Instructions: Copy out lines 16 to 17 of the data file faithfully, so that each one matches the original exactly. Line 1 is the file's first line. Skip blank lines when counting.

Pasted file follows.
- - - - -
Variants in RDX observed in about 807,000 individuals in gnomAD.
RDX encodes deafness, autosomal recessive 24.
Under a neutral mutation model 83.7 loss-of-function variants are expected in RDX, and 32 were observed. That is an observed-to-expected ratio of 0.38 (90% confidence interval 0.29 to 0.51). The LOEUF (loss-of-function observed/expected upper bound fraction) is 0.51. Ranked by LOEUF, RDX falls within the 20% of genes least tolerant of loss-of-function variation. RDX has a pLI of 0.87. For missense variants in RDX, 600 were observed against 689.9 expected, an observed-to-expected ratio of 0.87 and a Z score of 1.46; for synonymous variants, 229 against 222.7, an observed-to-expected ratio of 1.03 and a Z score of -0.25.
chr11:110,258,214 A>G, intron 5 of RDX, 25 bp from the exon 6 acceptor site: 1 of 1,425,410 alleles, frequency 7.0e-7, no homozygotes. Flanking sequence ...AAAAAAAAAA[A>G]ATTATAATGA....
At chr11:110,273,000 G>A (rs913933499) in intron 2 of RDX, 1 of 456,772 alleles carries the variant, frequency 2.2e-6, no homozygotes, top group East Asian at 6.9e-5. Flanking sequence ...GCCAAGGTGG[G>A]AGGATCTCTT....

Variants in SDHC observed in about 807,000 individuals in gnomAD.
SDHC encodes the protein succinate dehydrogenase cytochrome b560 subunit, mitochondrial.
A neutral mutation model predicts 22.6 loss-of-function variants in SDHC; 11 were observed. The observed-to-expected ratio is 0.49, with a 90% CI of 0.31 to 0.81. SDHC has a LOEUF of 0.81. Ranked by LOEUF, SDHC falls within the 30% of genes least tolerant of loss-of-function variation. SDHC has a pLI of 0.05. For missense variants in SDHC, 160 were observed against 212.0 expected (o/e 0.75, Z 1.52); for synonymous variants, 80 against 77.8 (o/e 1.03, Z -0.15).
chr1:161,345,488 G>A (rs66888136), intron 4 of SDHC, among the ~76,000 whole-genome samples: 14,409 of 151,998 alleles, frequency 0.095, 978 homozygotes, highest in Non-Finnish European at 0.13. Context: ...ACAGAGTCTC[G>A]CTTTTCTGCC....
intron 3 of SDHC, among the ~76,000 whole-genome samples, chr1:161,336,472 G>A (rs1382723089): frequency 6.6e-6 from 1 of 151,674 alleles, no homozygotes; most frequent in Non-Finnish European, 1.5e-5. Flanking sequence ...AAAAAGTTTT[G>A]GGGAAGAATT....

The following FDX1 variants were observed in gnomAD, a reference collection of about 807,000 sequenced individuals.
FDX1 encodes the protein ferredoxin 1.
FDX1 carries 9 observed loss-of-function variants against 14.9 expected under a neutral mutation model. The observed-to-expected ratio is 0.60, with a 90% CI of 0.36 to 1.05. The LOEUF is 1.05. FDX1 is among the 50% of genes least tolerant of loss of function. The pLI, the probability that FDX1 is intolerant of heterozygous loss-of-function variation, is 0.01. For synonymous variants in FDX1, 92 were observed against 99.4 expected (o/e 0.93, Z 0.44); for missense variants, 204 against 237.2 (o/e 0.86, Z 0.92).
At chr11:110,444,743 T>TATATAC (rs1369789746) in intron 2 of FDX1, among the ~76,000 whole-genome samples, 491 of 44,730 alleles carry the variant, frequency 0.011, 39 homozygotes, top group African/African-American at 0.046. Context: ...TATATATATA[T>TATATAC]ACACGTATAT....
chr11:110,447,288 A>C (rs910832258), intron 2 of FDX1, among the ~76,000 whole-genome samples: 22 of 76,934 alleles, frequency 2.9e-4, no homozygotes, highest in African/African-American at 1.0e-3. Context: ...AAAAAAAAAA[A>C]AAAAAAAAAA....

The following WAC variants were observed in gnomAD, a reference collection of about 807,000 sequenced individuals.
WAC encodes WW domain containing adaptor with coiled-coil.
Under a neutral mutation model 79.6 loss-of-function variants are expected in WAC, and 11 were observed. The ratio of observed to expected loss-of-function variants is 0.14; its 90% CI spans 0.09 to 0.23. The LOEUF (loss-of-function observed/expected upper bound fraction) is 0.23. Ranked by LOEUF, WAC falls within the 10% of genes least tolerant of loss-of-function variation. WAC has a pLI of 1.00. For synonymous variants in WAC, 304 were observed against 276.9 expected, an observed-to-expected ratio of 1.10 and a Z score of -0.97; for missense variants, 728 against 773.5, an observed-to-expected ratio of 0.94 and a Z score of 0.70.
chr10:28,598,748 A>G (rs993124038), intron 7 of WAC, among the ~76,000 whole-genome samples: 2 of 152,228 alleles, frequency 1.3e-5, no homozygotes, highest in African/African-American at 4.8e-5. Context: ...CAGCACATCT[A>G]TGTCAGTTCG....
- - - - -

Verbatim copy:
The following WAC variants were observed in gnomAD, a reference collection of about 807,000 sequenced individuals.
WAC encodes WW domain containing adaptor with coiled-coil.